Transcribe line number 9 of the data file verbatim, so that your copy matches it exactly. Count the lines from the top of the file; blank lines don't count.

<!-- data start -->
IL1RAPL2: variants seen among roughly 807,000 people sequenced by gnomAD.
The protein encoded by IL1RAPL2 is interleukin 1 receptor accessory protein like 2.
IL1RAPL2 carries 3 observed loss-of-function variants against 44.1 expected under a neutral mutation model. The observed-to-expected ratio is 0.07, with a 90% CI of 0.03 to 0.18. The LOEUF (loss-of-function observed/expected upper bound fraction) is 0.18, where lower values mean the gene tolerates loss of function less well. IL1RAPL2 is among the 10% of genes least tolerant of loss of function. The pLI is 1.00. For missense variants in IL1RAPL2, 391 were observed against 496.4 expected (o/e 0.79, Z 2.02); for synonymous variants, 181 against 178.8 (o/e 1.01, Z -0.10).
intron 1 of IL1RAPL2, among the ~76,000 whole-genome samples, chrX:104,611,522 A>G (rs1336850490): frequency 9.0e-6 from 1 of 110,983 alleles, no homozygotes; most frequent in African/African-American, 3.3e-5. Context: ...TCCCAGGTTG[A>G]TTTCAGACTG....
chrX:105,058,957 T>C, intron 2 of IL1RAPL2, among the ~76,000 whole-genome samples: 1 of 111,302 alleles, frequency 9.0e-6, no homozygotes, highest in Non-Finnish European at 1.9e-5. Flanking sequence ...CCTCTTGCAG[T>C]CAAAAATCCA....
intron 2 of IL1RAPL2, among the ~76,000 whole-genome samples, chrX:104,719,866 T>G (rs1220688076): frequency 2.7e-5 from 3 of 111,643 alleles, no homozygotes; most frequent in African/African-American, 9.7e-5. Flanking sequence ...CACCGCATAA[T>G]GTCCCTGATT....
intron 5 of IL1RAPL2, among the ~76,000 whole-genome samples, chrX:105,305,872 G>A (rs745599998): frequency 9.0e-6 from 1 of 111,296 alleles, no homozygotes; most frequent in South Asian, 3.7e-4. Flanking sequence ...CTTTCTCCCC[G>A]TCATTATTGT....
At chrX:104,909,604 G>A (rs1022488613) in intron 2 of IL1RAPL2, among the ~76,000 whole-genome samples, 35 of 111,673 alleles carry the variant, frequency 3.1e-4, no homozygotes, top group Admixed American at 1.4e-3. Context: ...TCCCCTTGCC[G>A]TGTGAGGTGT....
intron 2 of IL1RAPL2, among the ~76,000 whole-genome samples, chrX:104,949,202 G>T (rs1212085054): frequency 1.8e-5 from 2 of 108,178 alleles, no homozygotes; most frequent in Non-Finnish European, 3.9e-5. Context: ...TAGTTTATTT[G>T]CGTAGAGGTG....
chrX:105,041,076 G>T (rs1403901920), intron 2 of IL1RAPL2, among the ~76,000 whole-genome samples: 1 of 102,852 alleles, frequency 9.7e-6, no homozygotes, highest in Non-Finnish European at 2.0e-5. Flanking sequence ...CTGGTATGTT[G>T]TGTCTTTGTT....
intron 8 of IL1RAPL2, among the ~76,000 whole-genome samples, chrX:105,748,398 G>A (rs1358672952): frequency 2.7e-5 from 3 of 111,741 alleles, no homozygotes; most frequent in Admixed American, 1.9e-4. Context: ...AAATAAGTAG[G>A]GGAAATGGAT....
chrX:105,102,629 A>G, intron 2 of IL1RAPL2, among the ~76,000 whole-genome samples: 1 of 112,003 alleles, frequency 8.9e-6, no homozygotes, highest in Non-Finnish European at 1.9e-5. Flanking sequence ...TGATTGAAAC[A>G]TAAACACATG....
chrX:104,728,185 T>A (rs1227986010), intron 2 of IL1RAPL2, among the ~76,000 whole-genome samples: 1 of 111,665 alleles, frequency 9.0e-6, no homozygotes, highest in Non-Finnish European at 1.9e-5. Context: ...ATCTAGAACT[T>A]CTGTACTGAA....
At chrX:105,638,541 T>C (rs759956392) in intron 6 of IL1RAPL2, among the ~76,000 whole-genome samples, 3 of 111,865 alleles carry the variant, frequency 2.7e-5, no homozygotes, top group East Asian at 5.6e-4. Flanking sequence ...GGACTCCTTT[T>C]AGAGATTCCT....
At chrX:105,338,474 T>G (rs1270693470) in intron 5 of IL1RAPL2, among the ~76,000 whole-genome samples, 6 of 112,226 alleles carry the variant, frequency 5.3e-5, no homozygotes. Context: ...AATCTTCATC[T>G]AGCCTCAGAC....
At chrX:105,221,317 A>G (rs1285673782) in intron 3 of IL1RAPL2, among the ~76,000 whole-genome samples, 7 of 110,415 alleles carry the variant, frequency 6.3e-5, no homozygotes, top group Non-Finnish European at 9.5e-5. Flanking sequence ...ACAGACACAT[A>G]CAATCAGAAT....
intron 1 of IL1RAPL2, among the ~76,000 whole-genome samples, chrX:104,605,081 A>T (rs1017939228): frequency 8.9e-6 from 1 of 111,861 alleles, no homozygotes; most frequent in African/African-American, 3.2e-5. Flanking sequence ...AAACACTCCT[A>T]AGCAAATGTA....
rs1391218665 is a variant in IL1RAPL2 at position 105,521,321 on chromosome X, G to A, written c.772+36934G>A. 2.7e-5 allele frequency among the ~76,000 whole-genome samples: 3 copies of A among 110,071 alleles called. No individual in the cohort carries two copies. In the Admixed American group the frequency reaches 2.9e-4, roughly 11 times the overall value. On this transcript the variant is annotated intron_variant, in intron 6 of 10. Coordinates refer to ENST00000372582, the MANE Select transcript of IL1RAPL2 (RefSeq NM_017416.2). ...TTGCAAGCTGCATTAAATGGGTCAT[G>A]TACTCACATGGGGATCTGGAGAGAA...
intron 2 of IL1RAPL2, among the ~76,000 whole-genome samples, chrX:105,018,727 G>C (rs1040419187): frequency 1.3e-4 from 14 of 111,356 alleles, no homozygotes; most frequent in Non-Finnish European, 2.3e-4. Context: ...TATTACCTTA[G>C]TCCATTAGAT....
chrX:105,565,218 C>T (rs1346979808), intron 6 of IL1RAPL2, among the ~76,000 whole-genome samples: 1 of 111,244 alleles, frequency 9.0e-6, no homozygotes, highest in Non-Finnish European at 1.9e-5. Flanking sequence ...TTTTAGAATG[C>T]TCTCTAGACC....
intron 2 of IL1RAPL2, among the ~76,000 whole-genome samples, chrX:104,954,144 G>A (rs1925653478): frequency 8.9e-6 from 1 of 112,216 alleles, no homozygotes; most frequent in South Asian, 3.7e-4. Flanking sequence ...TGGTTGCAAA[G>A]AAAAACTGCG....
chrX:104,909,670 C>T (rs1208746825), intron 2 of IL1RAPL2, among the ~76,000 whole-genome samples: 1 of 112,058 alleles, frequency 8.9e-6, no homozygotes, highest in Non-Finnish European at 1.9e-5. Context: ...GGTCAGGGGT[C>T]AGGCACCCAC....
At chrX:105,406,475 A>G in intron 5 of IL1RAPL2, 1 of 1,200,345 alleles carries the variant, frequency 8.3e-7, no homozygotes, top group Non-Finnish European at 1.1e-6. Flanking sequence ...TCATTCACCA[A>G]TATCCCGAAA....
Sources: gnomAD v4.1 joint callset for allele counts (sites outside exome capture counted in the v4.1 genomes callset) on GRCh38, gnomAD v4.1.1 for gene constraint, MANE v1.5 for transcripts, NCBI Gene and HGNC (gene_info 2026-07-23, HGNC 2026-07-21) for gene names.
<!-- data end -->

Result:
intron 2 of IL1RAPL2, among the ~76,000 whole-genome samples, chrX:104,949,202 G>T (rs1212085054): frequency 1.8e-5 from 2 of 108,178 alleles, no homozygotes; most frequent in Non-Finnish European, 3.9e-5. Context: ...TAGTTTATTT[G>T]CGTAGAGGTG....